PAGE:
As an urban planner, with a particular interest in transport matters, I find myself fascinated by the meeting point of land-use planning and transportation planning – the questions of whether land-use patterns drive transport or whether transport drives land-use patterns, whether it’s both, how they interact with each other and so forth.
If we look at how one arrives at land-use outcomes (or, put more generally, how our city ends up) there are probably three key matters for consideration:
- Matters that drive demand for redevelopment in certain areas (and not in others).
- Planning rules and the restrictions they apply.
- Intermediary matters making it more or less difficult to develop (incentives, availability of credit etc.)
When we’re talking about the effects of transport policy on urban form (by that I mean how different transport policies generate different land use outcomes, such as motorways promoting sprawl), we’re talking about the first matter shown above, what drives demand. Clearly, what drives demand is tempered by the planning rules – as almost by definition they restrict development to ensure that it fits in with what’s around it, or is otherwise appropriate for the area. The intermediary matters are also important, as often (for example) there might be demand for intensive housing, planning rules that allow and promote it, but other matters such as inflexible development levies, a lack of available credit or something else which prevents this from happening.
If I was to have one big criticism of land-use planning in Auckland over the past 10-15 years it would be that so much attention has been placed on “matter 2″, while the other two have been generally quite ignored. I think there’s a trap, which I have certainly fallen into in my thinking at times, that planning rules will determine urban outcomes – that development will simply just happen where we want it to happen, and will simply not happen where we want to avoid it. So much land-use planning is aimed at “stopping stuff”, perhaps because the resource management act is fundamentally around avoiding, remedying or mitigating adverse effects on the environment – ie., not making things worse than they are now. That’s fine for relatively untouched natural, or rural, areas – but really when one is planning urban areas, particularly if one is trying to intensify or improve existing urban areas – what you are trying to do is actually make things better.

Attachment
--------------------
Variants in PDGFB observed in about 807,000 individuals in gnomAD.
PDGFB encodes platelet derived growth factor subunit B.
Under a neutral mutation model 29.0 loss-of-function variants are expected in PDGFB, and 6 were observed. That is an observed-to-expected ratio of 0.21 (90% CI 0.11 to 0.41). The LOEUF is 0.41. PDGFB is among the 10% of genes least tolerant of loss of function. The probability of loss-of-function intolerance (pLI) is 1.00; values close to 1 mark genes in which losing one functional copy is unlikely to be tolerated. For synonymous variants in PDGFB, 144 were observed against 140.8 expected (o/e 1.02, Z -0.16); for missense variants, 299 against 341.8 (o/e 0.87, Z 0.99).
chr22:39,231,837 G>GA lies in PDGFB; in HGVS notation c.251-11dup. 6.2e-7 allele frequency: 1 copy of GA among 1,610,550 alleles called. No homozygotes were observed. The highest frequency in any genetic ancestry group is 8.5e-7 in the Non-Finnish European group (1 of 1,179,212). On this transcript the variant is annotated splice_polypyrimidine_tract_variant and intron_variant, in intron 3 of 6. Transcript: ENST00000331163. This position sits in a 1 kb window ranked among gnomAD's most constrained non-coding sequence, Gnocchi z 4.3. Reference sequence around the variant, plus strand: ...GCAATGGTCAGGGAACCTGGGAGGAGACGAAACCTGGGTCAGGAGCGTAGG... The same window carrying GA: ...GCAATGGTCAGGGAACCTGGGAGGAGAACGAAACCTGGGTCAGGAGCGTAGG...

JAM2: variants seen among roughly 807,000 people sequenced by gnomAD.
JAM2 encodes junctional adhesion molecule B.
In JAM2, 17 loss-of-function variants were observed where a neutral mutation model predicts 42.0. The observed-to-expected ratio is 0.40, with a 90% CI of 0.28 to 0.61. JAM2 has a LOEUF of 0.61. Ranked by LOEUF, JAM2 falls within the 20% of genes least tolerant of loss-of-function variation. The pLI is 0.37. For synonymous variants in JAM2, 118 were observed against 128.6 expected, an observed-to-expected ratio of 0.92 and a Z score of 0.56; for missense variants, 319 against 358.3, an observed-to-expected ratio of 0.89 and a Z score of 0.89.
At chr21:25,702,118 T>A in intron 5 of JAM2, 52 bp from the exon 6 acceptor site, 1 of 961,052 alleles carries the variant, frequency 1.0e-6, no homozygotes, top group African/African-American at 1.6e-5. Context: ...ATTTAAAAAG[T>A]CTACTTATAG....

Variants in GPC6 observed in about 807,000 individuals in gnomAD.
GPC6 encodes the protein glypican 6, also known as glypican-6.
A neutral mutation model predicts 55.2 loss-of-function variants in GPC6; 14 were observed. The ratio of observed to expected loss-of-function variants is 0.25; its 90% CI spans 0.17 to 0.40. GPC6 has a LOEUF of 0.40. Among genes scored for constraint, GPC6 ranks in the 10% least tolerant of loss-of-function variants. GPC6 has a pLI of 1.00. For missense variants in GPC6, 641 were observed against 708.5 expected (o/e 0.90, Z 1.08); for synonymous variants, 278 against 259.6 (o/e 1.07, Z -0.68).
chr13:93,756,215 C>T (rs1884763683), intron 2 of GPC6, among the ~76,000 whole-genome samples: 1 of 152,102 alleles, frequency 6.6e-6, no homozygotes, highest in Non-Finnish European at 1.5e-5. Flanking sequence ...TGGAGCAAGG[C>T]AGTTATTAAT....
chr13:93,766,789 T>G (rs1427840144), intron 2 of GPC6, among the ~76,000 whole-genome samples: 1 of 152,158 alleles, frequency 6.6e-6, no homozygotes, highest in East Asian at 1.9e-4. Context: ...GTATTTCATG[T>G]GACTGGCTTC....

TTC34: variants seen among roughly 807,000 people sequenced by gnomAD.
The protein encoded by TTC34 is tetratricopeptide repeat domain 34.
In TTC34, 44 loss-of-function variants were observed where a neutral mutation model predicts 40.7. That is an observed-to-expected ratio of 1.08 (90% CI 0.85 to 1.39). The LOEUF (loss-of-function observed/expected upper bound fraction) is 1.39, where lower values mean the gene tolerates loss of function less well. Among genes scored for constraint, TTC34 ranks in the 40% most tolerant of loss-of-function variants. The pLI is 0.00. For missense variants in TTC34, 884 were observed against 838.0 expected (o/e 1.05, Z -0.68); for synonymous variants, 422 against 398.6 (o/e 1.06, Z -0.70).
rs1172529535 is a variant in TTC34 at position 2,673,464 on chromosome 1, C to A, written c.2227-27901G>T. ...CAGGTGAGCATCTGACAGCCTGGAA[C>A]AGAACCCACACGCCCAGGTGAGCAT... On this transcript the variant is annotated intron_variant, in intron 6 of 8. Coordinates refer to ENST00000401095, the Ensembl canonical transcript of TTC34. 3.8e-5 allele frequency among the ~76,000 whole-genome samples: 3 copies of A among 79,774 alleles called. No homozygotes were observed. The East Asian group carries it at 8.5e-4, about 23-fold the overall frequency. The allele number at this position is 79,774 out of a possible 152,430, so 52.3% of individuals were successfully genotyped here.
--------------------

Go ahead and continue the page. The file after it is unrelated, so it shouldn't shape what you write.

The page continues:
Because our planning framework is very much based around “stopping bad stuff from happening”, we have been reasonably effective at making planning rules to restrict development – particularly in terms of using the Metropolitan Urban Limit to minimise the amount of urban sprawl, or at the very least ensure that it only happens where we’ve directed it to. However, this is a constant battle, and because restricting sprawling development is only half the story in terms of making a ‘compact city’ (the other half being promoting intensification), what planning rules and regulations over the past 10 years have generally most achieved is simply: stopping development. The natural result limiting the supply of housing, while demand has continue to increase, is that prices have gone up.